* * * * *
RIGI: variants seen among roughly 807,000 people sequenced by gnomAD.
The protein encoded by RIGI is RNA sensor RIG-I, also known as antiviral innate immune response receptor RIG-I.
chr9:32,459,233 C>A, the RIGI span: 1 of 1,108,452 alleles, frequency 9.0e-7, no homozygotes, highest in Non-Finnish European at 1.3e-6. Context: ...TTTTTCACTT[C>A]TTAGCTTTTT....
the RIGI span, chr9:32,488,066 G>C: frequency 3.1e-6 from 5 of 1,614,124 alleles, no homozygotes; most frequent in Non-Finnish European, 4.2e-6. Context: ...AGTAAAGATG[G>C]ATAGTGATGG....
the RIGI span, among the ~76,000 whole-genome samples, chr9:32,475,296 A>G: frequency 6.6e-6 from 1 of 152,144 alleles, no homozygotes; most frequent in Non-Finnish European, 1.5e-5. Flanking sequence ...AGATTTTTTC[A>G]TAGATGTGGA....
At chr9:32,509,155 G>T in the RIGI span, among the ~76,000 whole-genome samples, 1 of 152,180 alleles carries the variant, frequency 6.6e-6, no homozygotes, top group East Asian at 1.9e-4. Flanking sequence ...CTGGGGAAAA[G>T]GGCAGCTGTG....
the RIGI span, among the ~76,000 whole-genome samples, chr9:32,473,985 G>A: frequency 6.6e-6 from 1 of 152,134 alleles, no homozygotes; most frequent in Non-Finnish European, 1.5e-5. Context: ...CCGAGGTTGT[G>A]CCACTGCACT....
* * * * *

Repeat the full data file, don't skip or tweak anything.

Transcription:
RIGI: variants seen among roughly 807,000 people sequenced by gnomAD.
The protein encoded by RIGI is RNA sensor RIG-I, also known as antiviral innate immune response receptor RIG-I.
chr9:32,459,233 C>A, the RIGI span: 1 of 1,108,452 alleles, frequency 9.0e-7, no homozygotes, highest in Non-Finnish European at 1.3e-6. Context: ...TTTTTCACTT[C>A]TTAGCTTTTT....
the RIGI span, chr9:32,488,066 G>C: frequency 3.1e-6 from 5 of 1,614,124 alleles, no homozygotes; most frequent in Non-Finnish European, 4.2e-6. Context: ...AGTAAAGATG[G>C]ATAGTGATGG....
the RIGI span, among the ~76,000 whole-genome samples, chr9:32,475,296 A>G: frequency 6.6e-6 from 1 of 152,144 alleles, no homozygotes; most frequent in Non-Finnish European, 1.5e-5. Flanking sequence ...AGATTTTTTC[A>G]TAGATGTGGA....
At chr9:32,509,155 G>T in the RIGI span, among the ~76,000 whole-genome samples, 1 of 152,180 alleles carries the variant, frequency 6.6e-6, no homozygotes, top group East Asian at 1.9e-4. Flanking sequence ...CTGGGGAAAA[G>T]GGCAGCTGTG....
the RIGI span, among the ~76,000 whole-genome samples, chr9:32,473,985 G>A: frequency 6.6e-6 from 1 of 152,134 alleles, no homozygotes; most frequent in Non-Finnish European, 1.5e-5. Context: ...CCGAGGTTGT[G>A]CCACTGCACT....